The defense asked for a mistrial, but the judge opted to give the jurors a second Allen charge, dismiss them for the day, and ask them to reconvene the next morning despite an inclement weather forecast.

The next morning, the jurors deliberated for another hour before sending a note to the judge, saying "Jury is deadlocked. All nine members feel this will not change." The defense again asked for a mistrial while the plaintiff asked for a third Allen charge. The judge agreed with the plaintiff, said he would allow deliberations to continue until lunchtime, and gave a third Allen charge:

The note says jury is deadlocked. All nine members feel this will not change. What I'm going to [do] is give you one more opportunity to reach an agreement. The trial has been a fairly long one. As I told you if we have to try the case over again, there will be another jury similar to you. They will hear probably the same evidence, a lot of effort has been put into it, but of course, you keep your conscientious thoughts. That doesn't mean that you don't have to keep your conscientious findings and decisions. But since we've already ordered lunch, we're going to give you lunch and then we'll see what happens.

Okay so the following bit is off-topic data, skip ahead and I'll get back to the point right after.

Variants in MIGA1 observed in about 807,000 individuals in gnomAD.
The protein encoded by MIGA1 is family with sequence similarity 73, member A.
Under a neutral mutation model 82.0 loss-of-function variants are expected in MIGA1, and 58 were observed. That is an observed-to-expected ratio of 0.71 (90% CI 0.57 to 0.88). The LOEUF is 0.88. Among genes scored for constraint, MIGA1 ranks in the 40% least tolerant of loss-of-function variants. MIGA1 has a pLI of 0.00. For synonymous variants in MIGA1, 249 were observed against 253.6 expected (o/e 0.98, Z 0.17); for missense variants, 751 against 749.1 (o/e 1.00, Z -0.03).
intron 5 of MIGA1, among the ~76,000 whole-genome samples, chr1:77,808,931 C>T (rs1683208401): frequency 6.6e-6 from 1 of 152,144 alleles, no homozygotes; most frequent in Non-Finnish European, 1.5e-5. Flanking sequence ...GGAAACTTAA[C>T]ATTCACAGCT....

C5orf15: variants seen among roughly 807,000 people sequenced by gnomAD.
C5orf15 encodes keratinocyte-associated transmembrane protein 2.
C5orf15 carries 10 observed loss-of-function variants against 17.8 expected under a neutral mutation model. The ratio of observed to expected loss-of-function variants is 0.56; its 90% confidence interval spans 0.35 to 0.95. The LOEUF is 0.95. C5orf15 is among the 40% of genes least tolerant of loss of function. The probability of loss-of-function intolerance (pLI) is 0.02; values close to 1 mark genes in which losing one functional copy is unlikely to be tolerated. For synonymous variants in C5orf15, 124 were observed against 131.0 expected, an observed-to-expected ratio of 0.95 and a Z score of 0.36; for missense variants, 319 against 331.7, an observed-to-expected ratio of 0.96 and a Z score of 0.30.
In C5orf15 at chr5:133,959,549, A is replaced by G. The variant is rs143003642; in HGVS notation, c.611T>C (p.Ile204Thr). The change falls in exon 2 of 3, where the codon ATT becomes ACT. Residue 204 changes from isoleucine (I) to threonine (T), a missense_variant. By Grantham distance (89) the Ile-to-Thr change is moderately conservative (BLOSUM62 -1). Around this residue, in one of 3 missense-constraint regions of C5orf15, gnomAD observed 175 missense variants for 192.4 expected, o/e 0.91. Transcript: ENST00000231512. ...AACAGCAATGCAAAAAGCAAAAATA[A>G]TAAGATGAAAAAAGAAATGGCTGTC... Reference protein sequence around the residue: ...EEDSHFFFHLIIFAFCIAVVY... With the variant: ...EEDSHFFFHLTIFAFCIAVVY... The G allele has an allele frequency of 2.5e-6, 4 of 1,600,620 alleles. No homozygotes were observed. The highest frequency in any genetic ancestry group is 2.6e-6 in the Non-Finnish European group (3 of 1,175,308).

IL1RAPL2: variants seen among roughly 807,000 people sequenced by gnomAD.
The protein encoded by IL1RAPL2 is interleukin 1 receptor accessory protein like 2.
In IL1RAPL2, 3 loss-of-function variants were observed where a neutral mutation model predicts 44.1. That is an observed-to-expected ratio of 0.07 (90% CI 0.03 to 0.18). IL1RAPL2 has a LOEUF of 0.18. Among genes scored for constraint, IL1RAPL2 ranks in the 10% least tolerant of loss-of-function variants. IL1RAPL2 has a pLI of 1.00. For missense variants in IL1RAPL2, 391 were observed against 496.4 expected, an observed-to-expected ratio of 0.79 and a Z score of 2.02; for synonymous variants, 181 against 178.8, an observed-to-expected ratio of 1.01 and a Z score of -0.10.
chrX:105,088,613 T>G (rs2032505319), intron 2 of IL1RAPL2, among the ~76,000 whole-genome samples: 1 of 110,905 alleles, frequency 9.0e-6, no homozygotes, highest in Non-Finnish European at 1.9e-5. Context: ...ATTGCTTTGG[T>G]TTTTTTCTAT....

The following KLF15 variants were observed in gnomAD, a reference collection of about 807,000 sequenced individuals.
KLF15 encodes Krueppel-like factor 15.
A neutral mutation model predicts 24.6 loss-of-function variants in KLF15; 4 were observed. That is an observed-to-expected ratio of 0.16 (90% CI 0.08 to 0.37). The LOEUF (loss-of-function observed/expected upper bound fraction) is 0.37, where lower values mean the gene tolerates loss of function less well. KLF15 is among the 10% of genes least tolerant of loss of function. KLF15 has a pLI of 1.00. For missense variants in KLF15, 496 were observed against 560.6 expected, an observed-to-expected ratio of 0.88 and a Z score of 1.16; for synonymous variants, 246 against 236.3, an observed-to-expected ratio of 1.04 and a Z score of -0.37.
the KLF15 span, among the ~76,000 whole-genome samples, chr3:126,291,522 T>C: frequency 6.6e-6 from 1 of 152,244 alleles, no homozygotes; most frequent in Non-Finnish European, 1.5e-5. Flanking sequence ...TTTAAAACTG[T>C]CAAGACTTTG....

At 12:30, jurors got lunch, and the defense again moved for a mistrial because a verdict had not been reached. The judge denied the motion. At 1:15 P.M., the jurors returned a verdict finding the defendants liable for false arrest.

The defendants later appealed, claiming, inter alia, that "the verdict reached was the result of undue pressure and resulted in a miscarriage of justice[.]" Specifically, they 

base[d] this contention on the following factors: (1) the jury sent out a series of notes indicating it was deadlocked; (2) a specific, identified juror asked to be excused; (3) the Court was advised on several occasions that the jury was divided eight to one; (4) the Court gave not only an Allen charge but subsequent paraphrased Allen charges; (5) the unfavorable weather conditions on November 27, 2013; and (6) the fact that November 27, 2013 was the day before the Thanksgiving holiday.

The Eastern District of New York disagreed, concluding "that the Allen charge and subsequent paraphrased Allen charges were neither coercive nor placed improper pressure on any juror." Indeed, the Allen charges "were 'helpful' since they 'only expresse[d] encouragement to the jurors to reach a verdict, if possible, to avoid the expense and delay of a new trial' and always advised the jurors not to abandon their conscientious convictions." The court then concluded by noting that

As a final matter, the Defendants speculate that the verdict was reached under pressure because the final day of deliberations, November 27, 2013, was the day before Thanksgiving and that the forecast for that date predicted inclement weather. However, the Defendants offer no evidence to support their conjecture in this regard.

So, here's my question: Does Occam's razor count as evidence?